We are constantly saying Sorry. Do we mean it, and if so there shouldn’t really be a need for a second apology for the same offense? Right?
|I'm Sorry, and Thanks. Pixabay Courtesy of Ben_Kerckx|
We say Sorry in a hundred different ways. Sorry I took the last piece of banana loaf but... Sorry I was late but... Sorry I spent the money but... Why do people add the “But”? Please don’t justify. Please don’t make excuses. Please explain WHY you’re Sorry.
Like many of you reading this, I learned about the shallowness of Sorry for a long period of my life. If you’ve ever been the recipient of this kind of Sorry, you too will remember those circumstances. Many times you would have heard it through the speaker’s bashfulness, their tears, their supposed remorse.
Yes, there are people who feel that their Sorry is all that's needed.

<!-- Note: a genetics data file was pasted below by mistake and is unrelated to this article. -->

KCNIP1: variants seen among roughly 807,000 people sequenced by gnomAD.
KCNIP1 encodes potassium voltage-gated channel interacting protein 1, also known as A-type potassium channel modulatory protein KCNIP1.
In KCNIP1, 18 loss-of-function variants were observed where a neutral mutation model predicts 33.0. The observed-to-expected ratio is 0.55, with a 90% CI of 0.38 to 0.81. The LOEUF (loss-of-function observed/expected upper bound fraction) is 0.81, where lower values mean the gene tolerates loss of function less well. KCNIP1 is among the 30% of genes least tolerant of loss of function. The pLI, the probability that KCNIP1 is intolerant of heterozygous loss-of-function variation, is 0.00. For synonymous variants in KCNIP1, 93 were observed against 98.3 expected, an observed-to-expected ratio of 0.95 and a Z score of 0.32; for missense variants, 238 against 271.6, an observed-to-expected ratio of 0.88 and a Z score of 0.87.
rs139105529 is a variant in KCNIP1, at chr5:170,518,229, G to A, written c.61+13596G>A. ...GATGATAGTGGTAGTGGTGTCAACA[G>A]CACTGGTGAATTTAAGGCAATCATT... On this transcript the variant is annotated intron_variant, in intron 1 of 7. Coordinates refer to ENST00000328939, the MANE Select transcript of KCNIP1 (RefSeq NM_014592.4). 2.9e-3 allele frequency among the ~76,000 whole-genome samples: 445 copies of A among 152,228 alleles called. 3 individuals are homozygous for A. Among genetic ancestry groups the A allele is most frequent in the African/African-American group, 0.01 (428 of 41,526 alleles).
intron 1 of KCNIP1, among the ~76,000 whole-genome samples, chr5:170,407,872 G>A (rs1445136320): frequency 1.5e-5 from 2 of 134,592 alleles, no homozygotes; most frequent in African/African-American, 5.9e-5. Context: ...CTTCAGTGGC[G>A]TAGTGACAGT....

Depending on your situation, what you eventually hear is this “blablablabla”. Until the next time when the offender strikes out with their words, their fists, their distance, their addictions. You cannot reach them because their Sorry is their armour. In their minds, they have apologized.
There’s a wide chasm between the little sorry ( I’ll take this opportunity to apologize for stepping in front of you in line, I should have been paying attention) and the big Sorry (I spent the grocery money, we’re eating peanut butter sandwiches again for dinner.)
But watch out for the sneaky little sorry or the non-existent acknowledgement which can be even worse. This is when you just saved your colleague’s butt because of their typo on the company website, or you remind someone what they were responsible for at the next sales meeting. And they can't get their mouths to say “oh! Thanks, I messed up”.
Three little ideas that will change our life (and those around us).
- Say Sorry like we mean it, acknowledge what we could have done differently. That's the value of a real Sorry.
- When we say Sorry, don't add...but
- Do our best not to repeat.
We'll all gain.
Thanks for reading.